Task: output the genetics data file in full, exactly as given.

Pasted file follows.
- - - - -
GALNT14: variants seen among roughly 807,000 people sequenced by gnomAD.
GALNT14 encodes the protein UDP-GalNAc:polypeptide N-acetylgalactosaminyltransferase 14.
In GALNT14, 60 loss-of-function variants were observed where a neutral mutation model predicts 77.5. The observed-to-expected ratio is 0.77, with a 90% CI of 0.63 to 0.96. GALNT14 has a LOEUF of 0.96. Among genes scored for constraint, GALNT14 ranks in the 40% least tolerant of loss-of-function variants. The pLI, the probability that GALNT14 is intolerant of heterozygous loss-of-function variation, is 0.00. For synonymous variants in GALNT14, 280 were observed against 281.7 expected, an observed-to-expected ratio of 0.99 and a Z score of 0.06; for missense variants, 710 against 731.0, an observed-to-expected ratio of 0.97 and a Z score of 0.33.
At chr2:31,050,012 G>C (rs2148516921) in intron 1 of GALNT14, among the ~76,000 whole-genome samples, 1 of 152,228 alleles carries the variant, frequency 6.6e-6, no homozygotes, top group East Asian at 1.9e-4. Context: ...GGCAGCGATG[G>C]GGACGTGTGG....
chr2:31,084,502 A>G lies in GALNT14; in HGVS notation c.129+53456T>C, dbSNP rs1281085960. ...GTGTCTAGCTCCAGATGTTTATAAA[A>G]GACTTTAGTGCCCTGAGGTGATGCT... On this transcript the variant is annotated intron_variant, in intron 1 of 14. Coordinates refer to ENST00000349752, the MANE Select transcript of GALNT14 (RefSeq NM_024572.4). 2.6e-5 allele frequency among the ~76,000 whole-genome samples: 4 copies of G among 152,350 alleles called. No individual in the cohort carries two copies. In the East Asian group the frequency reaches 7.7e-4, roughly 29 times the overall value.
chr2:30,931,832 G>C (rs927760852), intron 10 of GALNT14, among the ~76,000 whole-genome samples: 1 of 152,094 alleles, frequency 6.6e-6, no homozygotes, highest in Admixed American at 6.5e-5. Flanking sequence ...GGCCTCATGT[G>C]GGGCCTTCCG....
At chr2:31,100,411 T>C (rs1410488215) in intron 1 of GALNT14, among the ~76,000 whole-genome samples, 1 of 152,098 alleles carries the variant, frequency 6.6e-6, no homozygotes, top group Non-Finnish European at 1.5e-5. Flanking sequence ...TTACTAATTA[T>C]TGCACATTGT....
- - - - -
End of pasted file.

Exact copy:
GALNT14: variants seen among roughly 807,000 people sequenced by gnomAD.
GALNT14 encodes the protein UDP-GalNAc:polypeptide N-acetylgalactosaminyltransferase 14.
In GALNT14, 60 loss-of-function variants were observed where a neutral mutation model predicts 77.5. The observed-to-expected ratio is 0.77, with a 90% CI of 0.63 to 0.96. GALNT14 has a LOEUF of 0.96. Among genes scored for constraint, GALNT14 ranks in the 40% least tolerant of loss-of-function variants. The pLI, the probability that GALNT14 is intolerant of heterozygous loss-of-function variation, is 0.00. For synonymous variants in GALNT14, 280 were observed against 281.7 expected, an observed-to-expected ratio of 0.99 and a Z score of 0.06; for missense variants, 710 against 731.0, an observed-to-expected ratio of 0.97 and a Z score of 0.33.
At chr2:31,050,012 G>C (rs2148516921) in intron 1 of GALNT14, among the ~76,000 whole-genome samples, 1 of 152,228 alleles carries the variant, frequency 6.6e-6, no homozygotes, top group East Asian at 1.9e-4. Context: ...GGCAGCGATG[G>C]GGACGTGTGG....
chr2:31,084,502 A>G lies in GALNT14; in HGVS notation c.129+53456T>C, dbSNP rs1281085960. ...GTGTCTAGCTCCAGATGTTTATAAA[A>G]GACTTTAGTGCCCTGAGGTGATGCT... On this transcript the variant is annotated intron_variant, in intron 1 of 14. Coordinates refer to ENST00000349752, the MANE Select transcript of GALNT14 (RefSeq NM_024572.4). 2.6e-5 allele frequency among the ~76,000 whole-genome samples: 4 copies of G among 152,350 alleles called. No individual in the cohort carries two copies. In the East Asian group the frequency reaches 7.7e-4, roughly 29 times the overall value.
chr2:30,931,832 G>C (rs927760852), intron 10 of GALNT14, among the ~76,000 whole-genome samples: 1 of 152,094 alleles, frequency 6.6e-6, no homozygotes, highest in Admixed American at 6.5e-5. Flanking sequence ...GGCCTCATGT[G>C]GGGCCTTCCG....
At chr2:31,100,411 T>C (rs1410488215) in intron 1 of GALNT14, among the ~76,000 whole-genome samples, 1 of 152,098 alleles carries the variant, frequency 6.6e-6, no homozygotes, top group Non-Finnish European at 1.5e-5. Flanking sequence ...TTACTAATTA[T>C]TGCACATTGT....